Categories: DBA Blogs

An Introduction to Extended Data Types in Oracle 12c

Pythian Group - Mon, 2014-10-20 07:55

One of the lesser known new features that comes as a boon to many developers and DBAs is the provision of implicit handling of large data strings using scalar data types like VARCHAR2 and RAW.

When creating tables, each column must be assigned a data type, which determines the nature of the values that can be inserted into the column. Common data types include number, date, and varchar2. These data types are also used to specify the nature of arguments for PL/SQL programs like functions and procedures.

When choosing a data type, you must carefully consider the data you plan to store and the operations you may want to perform upon it. Making good decisions at the table design stage reduces the potential negative downstream impact on space utilization and performance. Space is a consideration since some data types occupy a fixed length, consuming the same number of bytes, no matter what data is actually stored in it.

In pre-12c databases, long characters strings of more than 4000 bytes had to be handled using creative solutions including: CLOB or LONG data types and multiple columns or variables. These approaches led to inefficient unnecessarily complex designs and added processing overheads.

12c introduced the MAX_STRING_SIZE system parameter that allows string data types to be much larger when the parameter is changed from its default value of STANDARD to EXTENDED. The VARCHAR2 data type, stores variable length character data from 1 to 4000 bytes if MAX_STRING_SIZE=STANDARD or up to 32767 bytes if MAX_STRING_SIZE=EXTENDED.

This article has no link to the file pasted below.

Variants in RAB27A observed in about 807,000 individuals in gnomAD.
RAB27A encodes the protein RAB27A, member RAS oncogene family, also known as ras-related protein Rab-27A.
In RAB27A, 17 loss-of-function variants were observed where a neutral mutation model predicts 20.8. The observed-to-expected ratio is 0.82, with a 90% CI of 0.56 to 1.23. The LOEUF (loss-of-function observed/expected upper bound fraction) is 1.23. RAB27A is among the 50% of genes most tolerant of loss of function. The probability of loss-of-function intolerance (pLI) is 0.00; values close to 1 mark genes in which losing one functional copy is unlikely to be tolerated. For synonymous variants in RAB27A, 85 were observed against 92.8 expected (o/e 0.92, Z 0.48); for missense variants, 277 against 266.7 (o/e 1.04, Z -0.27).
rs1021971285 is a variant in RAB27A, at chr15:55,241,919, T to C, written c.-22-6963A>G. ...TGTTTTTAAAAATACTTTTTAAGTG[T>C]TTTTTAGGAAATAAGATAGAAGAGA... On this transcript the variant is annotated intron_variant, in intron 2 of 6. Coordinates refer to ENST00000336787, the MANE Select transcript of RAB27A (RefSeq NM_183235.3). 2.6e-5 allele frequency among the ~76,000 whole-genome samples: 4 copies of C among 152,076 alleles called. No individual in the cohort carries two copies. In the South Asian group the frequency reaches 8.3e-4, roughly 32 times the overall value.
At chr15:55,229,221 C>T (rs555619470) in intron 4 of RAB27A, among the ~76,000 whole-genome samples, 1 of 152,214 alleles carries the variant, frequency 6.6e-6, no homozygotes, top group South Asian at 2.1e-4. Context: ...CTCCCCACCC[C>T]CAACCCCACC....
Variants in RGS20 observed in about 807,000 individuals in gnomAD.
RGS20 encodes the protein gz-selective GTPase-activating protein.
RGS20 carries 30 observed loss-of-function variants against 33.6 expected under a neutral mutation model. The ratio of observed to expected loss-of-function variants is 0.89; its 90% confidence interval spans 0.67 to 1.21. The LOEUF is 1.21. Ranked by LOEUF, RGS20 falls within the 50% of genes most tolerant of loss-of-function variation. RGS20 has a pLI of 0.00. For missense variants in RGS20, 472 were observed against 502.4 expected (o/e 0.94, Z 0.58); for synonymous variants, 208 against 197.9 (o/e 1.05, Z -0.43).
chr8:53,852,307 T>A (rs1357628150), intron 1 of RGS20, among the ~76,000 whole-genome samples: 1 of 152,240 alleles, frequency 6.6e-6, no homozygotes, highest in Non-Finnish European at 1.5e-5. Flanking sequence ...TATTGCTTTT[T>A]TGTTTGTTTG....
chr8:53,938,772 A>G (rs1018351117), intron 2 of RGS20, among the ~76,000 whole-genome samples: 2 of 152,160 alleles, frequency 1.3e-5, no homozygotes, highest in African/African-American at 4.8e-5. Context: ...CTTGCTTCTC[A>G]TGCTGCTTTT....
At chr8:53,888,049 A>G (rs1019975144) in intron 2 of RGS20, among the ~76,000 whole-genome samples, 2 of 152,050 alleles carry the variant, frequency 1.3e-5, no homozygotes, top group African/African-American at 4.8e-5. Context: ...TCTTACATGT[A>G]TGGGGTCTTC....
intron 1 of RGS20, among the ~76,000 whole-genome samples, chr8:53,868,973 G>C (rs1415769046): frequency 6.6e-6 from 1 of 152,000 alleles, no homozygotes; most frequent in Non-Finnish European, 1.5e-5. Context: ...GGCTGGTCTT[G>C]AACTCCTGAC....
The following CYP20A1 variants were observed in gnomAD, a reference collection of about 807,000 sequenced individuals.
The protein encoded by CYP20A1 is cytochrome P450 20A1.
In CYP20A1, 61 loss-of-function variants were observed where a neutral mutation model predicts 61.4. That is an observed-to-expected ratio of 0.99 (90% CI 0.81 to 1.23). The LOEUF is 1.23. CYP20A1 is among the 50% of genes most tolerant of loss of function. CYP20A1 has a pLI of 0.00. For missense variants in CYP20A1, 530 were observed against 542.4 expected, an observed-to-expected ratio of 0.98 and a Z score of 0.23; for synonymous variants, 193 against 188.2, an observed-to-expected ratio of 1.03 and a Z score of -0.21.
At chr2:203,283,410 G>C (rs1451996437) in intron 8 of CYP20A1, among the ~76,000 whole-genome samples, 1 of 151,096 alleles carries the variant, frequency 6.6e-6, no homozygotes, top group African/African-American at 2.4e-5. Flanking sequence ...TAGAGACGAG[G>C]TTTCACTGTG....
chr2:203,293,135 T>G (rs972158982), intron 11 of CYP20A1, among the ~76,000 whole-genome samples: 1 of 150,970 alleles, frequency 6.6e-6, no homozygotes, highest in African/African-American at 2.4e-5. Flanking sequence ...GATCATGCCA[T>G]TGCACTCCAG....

RAW and NVARCHAR2 data types are affected in similar ways.


Potential issues to consider:

  • Internally, extended data types are stored out-of-line using LOBs, but these cannot be manipulated using the DBMS_LOB interface.
  • When changing the MAX_STRING_SIZE parameter, objects may be updated invalidating dependent objects, so ideally, change this parameter during a maintenance window in your important databases.
  • List partitioning on EDT columns may potentially exceed the 4096 byte limit for the partition bounds. The DEFAULT partition may be used for data values that exceed the 4096 byte limit or a hash function may be used on the data to create unique identifiers smaller than 4096 bytes.
  • Indexing EDT columns may fail with “maximum key length exceeded” errors. For example, databases with an 8k default block size support a maximum key length of approximately 6400 bytes. A suggested work-around is to use a virtual column or function-based index to effectively shorten the index key length.



This feature will no doubt be improved and the shortcomings will be dealt with in future releases—but for now, it offers a clean and elegant mechanism for handling large character data within existing applications requiring minimal code changes.



Categories: DBA Blogs

Old Castles

Pete Scott - Mon, 2014-10-20 06:12
Living here on the Kent Coast we are quite blessed with the number of castles within half and hour’s drive of our cottage. English Heritage manages several nearby castles or forts. The nearest, Richborough, is out and out Roman. We had a lot of Romans roaming around here, they even strolled past my cottage along […]

Connecting to Pivotal Cloud Foundry Ops Metrics using Java VisualVM

Pas Apicella - Sun, 2014-10-19 21:34
The Pivotal Ops Metrics tool is a JMX extension for Elastic Runtime. Pivotal Ops Metrics collects and exposes system data from Cloud Foundry components via a JMX endpoint. Use this system data to monitor your installation and assist in troubleshooting. Below is the tile once installed and available with Pivotal Cloud Foundry Ops Manager

Once installed and configured, metrics for Cloud Foundry components automatically report to the JMX endpoint. Your JMX client uses the credentials supplied to connect to the IP address of the Pivotal Ops Metrics JMX Provider at port 44444

1. Start jvisualvm

2. Under plugin ensure you have the VisualVm-Mbeans plugin installed as shown below, or install it to be able to view the MBeans.

3. Create a JMX connection as shown below

4. Finally the CF MBeans can be viewed as shown below.

More Information

Deploying Pivotal Ops Metrics
Categories: Fusion Middleware

SQLShell accessing Pivotal GemFire XD 1.3